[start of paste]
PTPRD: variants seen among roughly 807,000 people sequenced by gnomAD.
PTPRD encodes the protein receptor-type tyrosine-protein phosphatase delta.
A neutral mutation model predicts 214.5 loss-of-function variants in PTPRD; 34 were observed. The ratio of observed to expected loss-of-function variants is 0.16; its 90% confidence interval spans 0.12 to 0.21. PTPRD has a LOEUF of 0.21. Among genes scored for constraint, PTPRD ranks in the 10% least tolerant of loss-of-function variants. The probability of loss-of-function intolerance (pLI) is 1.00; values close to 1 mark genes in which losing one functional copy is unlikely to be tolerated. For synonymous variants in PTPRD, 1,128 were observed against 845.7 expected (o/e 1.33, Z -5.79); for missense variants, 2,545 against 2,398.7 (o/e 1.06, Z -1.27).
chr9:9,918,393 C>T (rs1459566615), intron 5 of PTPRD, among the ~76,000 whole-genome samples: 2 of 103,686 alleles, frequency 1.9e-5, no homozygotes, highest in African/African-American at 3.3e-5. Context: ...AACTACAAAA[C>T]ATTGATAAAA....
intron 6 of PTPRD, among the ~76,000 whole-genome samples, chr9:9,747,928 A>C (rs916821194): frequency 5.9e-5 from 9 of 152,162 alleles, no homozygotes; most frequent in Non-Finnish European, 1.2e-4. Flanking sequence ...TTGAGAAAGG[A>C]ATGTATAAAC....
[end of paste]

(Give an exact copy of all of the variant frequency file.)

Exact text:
PTPRD: variants seen among roughly 807,000 people sequenced by gnomAD.
PTPRD encodes the protein receptor-type tyrosine-protein phosphatase delta.
A neutral mutation model predicts 214.5 loss-of-function variants in PTPRD; 34 were observed. The ratio of observed to expected loss-of-function variants is 0.16; its 90% confidence interval spans 0.12 to 0.21. PTPRD has a LOEUF of 0.21. Among genes scored for constraint, PTPRD ranks in the 10% least tolerant of loss-of-function variants. The probability of loss-of-function intolerance (pLI) is 1.00; values close to 1 mark genes in which losing one functional copy is unlikely to be tolerated. For synonymous variants in PTPRD, 1,128 were observed against 845.7 expected (o/e 1.33, Z -5.79); for missense variants, 2,545 against 2,398.7 (o/e 1.06, Z -1.27).
chr9:9,918,393 C>T (rs1459566615), intron 5 of PTPRD, among the ~76,000 whole-genome samples: 2 of 103,686 alleles, frequency 1.9e-5, no homozygotes, highest in African/African-American at 3.3e-5. Context: ...AACTACAAAA[C>T]ATTGATAAAA....
intron 6 of PTPRD, among the ~76,000 whole-genome samples, chr9:9,747,928 A>C (rs916821194): frequency 5.9e-5 from 9 of 152,162 alleles, no homozygotes; most frequent in Non-Finnish European, 1.2e-4. Flanking sequence ...TTGAGAAAGG[A>C]ATGTATAAAC....